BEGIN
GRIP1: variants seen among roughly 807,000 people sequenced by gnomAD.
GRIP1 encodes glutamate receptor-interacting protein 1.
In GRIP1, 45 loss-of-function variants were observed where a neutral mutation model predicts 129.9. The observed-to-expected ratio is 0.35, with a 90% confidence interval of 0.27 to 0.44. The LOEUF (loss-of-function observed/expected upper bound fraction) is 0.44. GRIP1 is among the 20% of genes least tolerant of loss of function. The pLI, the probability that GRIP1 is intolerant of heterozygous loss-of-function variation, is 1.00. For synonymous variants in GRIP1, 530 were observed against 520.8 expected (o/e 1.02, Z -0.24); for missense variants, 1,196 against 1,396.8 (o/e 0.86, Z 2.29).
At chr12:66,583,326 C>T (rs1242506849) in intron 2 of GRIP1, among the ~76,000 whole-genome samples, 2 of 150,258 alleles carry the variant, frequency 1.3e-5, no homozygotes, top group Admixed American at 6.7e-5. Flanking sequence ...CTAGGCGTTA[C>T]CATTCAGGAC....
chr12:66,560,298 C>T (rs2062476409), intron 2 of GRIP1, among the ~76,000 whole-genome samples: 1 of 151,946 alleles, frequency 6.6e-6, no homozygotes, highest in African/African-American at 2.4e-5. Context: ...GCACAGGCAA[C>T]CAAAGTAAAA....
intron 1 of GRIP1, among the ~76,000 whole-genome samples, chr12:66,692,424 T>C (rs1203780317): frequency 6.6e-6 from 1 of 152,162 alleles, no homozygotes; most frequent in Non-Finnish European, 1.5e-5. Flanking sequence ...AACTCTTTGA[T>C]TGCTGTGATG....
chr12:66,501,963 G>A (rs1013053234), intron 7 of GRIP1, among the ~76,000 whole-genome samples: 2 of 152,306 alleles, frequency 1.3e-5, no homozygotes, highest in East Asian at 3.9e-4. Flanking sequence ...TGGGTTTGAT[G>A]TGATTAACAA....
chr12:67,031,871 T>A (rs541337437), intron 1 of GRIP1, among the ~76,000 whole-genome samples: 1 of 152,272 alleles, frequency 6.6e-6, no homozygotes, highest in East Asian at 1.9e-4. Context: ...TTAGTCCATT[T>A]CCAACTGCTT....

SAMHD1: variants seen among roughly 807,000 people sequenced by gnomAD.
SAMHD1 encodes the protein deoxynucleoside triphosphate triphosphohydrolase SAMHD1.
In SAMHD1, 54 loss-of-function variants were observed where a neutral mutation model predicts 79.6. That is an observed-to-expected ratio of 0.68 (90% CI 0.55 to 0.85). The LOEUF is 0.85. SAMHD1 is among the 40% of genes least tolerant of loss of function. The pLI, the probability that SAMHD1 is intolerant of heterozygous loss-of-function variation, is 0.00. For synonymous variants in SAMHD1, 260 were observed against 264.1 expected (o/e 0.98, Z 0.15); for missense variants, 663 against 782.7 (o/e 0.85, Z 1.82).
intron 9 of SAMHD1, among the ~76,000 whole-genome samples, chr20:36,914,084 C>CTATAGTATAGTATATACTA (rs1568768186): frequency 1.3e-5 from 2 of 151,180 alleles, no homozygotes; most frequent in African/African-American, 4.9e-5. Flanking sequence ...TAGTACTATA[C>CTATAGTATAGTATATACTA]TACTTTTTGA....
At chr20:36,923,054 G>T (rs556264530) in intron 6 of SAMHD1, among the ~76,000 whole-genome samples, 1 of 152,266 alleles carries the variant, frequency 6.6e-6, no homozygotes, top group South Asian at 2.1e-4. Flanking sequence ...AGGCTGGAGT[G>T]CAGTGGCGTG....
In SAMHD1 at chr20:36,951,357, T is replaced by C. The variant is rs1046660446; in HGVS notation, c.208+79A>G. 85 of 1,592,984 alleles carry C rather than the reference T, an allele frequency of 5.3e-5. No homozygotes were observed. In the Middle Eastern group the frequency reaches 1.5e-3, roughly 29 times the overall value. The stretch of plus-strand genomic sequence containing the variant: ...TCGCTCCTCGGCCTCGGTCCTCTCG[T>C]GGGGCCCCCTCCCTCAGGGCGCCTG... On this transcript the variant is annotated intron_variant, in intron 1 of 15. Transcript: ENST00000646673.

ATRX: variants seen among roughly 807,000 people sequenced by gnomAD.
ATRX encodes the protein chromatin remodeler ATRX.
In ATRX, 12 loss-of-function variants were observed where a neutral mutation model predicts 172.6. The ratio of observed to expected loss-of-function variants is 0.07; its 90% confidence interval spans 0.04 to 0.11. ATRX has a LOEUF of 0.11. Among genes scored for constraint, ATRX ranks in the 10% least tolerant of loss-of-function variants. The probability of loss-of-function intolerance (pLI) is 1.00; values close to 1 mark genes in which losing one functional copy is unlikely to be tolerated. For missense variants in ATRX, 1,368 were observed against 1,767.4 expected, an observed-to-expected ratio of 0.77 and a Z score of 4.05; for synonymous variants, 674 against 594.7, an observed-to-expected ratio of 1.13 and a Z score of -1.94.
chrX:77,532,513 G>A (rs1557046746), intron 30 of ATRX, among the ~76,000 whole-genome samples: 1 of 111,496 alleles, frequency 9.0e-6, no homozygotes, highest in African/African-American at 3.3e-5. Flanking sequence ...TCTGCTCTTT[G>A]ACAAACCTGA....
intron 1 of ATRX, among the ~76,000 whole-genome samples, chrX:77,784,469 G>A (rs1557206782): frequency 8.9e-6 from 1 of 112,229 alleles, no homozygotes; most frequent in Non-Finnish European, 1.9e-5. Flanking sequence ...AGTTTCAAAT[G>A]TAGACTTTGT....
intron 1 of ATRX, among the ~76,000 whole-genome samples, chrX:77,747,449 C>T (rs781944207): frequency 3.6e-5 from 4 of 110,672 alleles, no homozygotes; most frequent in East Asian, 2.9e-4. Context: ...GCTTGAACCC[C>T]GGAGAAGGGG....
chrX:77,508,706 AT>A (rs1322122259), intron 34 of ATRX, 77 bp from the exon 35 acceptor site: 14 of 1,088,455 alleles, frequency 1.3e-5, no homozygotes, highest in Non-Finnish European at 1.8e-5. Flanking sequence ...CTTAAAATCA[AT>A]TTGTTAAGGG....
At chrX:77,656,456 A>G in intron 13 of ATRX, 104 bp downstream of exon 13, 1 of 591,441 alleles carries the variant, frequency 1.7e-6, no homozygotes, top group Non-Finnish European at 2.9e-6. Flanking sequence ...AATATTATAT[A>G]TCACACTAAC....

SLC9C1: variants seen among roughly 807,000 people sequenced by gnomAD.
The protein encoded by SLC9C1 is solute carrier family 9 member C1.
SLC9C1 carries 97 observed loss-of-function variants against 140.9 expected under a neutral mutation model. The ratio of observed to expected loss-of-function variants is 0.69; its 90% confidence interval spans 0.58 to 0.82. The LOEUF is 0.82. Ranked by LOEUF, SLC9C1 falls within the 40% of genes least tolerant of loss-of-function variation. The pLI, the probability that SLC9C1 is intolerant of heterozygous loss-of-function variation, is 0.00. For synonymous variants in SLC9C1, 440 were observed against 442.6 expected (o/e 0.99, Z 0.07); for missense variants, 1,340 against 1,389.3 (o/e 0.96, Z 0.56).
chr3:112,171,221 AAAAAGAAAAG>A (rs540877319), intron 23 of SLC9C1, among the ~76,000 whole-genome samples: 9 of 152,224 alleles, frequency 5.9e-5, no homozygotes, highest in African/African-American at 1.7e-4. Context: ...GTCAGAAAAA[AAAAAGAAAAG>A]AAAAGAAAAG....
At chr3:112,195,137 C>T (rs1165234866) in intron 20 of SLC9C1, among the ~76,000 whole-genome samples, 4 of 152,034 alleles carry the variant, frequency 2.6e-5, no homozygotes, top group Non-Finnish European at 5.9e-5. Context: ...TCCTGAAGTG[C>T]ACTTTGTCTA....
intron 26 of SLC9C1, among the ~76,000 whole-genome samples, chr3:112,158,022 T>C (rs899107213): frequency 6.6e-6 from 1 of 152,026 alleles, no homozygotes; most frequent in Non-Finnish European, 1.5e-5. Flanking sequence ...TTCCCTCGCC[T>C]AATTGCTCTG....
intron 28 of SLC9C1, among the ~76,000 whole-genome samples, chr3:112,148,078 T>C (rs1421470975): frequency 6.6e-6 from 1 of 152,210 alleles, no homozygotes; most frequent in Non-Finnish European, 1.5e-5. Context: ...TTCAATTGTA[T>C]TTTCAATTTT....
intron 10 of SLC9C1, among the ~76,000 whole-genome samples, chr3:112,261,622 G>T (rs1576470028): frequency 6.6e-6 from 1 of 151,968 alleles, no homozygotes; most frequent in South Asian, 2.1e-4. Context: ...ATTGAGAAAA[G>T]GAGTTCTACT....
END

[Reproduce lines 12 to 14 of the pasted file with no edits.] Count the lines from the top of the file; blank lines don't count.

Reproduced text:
intron 9 of SAMHD1, among the ~76,000 whole-genome samples, chr20:36,914,084 C>CTATAGTATAGTATATACTA (rs1568768186): frequency 1.3e-5 from 2 of 151,180 alleles, no homozygotes; most frequent in African/African-American, 4.9e-5. Flanking sequence ...TAGTACTATA[C>CTATAGTATAGTATATACTA]TACTTTTTGA....
At chr20:36,923,054 G>T (rs556264530) in intron 6 of SAMHD1, among the ~76,000 whole-genome samples, 1 of 152,266 alleles carries the variant, frequency 6.6e-6, no homozygotes, top group South Asian at 2.1e-4. Flanking sequence ...AGGCTGGAGT[G>T]CAGTGGCGTG....
In SAMHD1 at chr20:36,951,357, T is replaced by C. The variant is rs1046660446; in HGVS notation, c.208+79A>G. 85 of 1,592,984 alleles carry C rather than the reference T, an allele frequency of 5.3e-5. No homozygotes were observed. In the Middle Eastern group the frequency reaches 1.5e-3, roughly 29 times the overall value. The stretch of plus-strand genomic sequence containing the variant: ...TCGCTCCTCGGCCTCGGTCCTCTCG[T>C]GGGGCCCCCTCCCTCAGGGCGCCTG... On this transcript the variant is annotated intron_variant, in intron 1 of 15. Transcript: ENST00000646673.